Regulation of Volatile Fatty Acid Synthesis in Megasphaera Elsdenii and Hexanoic Acid Utilisation by Pseudomonas Putida
Khan, Muhammad Aslam (2006) Regulation of Volatile Fatty Acid Synthesis in Megasphaera Elsdenii and Hexanoic Acid Utilisation by Pseudomonas Putida. PhD thesis, Victoria University.
The research work described in this thesis has two studies on processes that may lead to adipic acid production through hexanoic acid synthesis pathway by the anaerobic bacterium Megasphaera elsdenii and its subsequent utilisation by Pseudomonas strains. The first part of the research described was concerned with the ability of Pseudomonas putida (syn P. oleovorans) to convert hexanoic acid to adipic acid. However, despite a sustained effort the research was unable to confirm the formation of adipic acid in these strains and this line of research was not pursued further. The research however, did show for the first time that these Pseudomonas strains could produce octanoic acid from n-octanol vapours in the presence and absence of n-hexanoic acid and has thus led to important new information. The second line of research pursued and which constituted the major research effort was concerned with an investigation on regulation and production of the metabolic intermediates and end-products during glucose and lactate metabolism in M. elsdenii. A number of wild type strains were studied as well as mutants isolated as resistant to 3-fluoropyruvate were used to investigate end-product inhibition and the biochemical pathways used for fermentation. Small volume cultures and controlled fermenters were used to investigate the fatty acid end-products during glucose, lactate and mixed substrates and to optimise the effect of pH on growth and metabolism. An important finding was that the mutant ME5 produced relatively more valeric and hexanoic acid compared to its parental strain ATCC 25940 in mixed substrates. While in the presence of glucose, the proportion of valeric acid produced by strain ME5 was higher than seen for its parental strain ATCC 25940 and mutant ME7. Another important finding was that pH control improved the yield of acids compared with uncontrolled fermentation. The work described in this thesis was also concerned with the recovery of fermentation products to obtain higher productivity and more efficient recovery of the products by adsorption to anion exchange resins. Initially, Amberlite IRA-93 (weak base anion-exchange resin) and Amberlite IRA-400 (strong base anion-exchange resin) resins were tested for their ability to adsorb and desorb butyric and hexanoic acids from water and peptone-yeast-glucose media. It was observed that both resins adsorbed more n-hexanoic acid than n-butyric acid, which suggested that the VFA chain length might affect the degree of adsorption. Both acids were desorbed more effectively by esterification from Amberlite IRA-93 resin. This indicated that Amberlite IRA-93 might have some attractive features above Amberlite IRA-400 in terms of product recovery in the form of esters. Further studies were carried out on the adsorption and desorption of both acids on the fermentation level in peptone-yeastglucose media under pH controlled and uncontrolled pH conditions. Results indicated that using the Amberlite IRA-93 had an advantage in that it did not release a counter ion on binding of anions so that it exerts a buffering effect on the fermentation broth, thus reducing the degree of pH control needed and the amount of alkali used to maintain the optimum pH. The outcome of this finding is that better yields and better recovery of products can be achieved. Another line of research was concerned with the key enzymes involved in the fermentation and the genes coding for them. The research detected pyruvate dehydrogenase (PDH) in strain ATCC 25940 for the first time and showed that the activity of this enzyme was significantly lower in the mutant ME5. However, lactate dehydrogenase (LDH) activity in ME5 was significantly higher compared with ME7 and the parent ATCC 25940. It was also shown that enzyme expression was highest in exponential growth. It was concluded that the relative changes in PDH and LDH in ME5 were responsible for the changes in carbon flow to acid end-products. The final component of the research was concerned with a preliminary investigation of the molecular biology of the enzymes leading to the formation of hexanoic acid. The sequence of the short-chain acyl-CoA dehydrogenase (SCAD) in ATCC 25940 and mutants ME5 and ME7 were obtained and compared. However, no changes were seen which could explain the altered end-products. Likewise a minor change in the sequence of the electron-transferring flavoprotein was unlikely to affect the metabolic activity. An attempt to design PCR primers from related sequences of lactate dehydrogenase to investigate the LDH genes was unsuccessful.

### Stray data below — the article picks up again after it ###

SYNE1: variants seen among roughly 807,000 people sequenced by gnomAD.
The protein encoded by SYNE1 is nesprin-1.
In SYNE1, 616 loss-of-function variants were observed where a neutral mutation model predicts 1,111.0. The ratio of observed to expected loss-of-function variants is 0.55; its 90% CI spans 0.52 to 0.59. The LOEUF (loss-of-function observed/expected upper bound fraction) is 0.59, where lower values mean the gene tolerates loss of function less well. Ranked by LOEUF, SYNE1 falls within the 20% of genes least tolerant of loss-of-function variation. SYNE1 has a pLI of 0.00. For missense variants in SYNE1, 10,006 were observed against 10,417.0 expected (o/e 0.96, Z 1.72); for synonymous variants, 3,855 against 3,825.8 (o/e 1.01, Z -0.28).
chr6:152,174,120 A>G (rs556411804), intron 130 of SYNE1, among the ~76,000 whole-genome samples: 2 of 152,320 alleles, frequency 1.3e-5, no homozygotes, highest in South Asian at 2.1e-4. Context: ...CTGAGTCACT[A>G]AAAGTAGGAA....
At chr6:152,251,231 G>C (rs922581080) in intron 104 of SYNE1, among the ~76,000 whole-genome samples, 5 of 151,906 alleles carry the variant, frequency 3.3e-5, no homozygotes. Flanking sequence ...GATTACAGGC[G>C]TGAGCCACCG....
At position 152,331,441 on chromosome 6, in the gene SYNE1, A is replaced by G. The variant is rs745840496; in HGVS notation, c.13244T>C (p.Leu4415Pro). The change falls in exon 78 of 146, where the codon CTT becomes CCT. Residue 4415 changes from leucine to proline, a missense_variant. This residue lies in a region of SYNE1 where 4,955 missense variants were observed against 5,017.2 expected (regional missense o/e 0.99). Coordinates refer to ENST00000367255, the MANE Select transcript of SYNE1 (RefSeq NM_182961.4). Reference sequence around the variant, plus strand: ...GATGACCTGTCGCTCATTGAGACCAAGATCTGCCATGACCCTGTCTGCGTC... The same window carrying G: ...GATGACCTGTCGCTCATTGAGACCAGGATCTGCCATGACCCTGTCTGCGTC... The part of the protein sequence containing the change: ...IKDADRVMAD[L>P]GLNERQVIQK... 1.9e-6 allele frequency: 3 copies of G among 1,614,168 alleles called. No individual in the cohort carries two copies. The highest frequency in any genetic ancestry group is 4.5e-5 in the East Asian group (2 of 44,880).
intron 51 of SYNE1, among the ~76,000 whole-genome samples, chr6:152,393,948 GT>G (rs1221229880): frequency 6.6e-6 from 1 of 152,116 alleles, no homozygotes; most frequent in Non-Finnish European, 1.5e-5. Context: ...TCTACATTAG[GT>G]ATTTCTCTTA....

|Item Type:||Thesis (PhD thesis)|
|Uncontrolled Keywords:||acid production; synthesis; megasphaera elssdenii; hexanoic acid|
|Subjects:||RFCD Classification > 320000 Medical and Health Sciences
Faculty/School/Research Centre/Department > School of Engineering and Science
|Depositing User:||Mr Angeera Sidaya|
|Date Deposited:||29 May 2006|
|Last Modified:||23 May 2013 16:59|
|ePrint Statistics:||View download statistics for this item|
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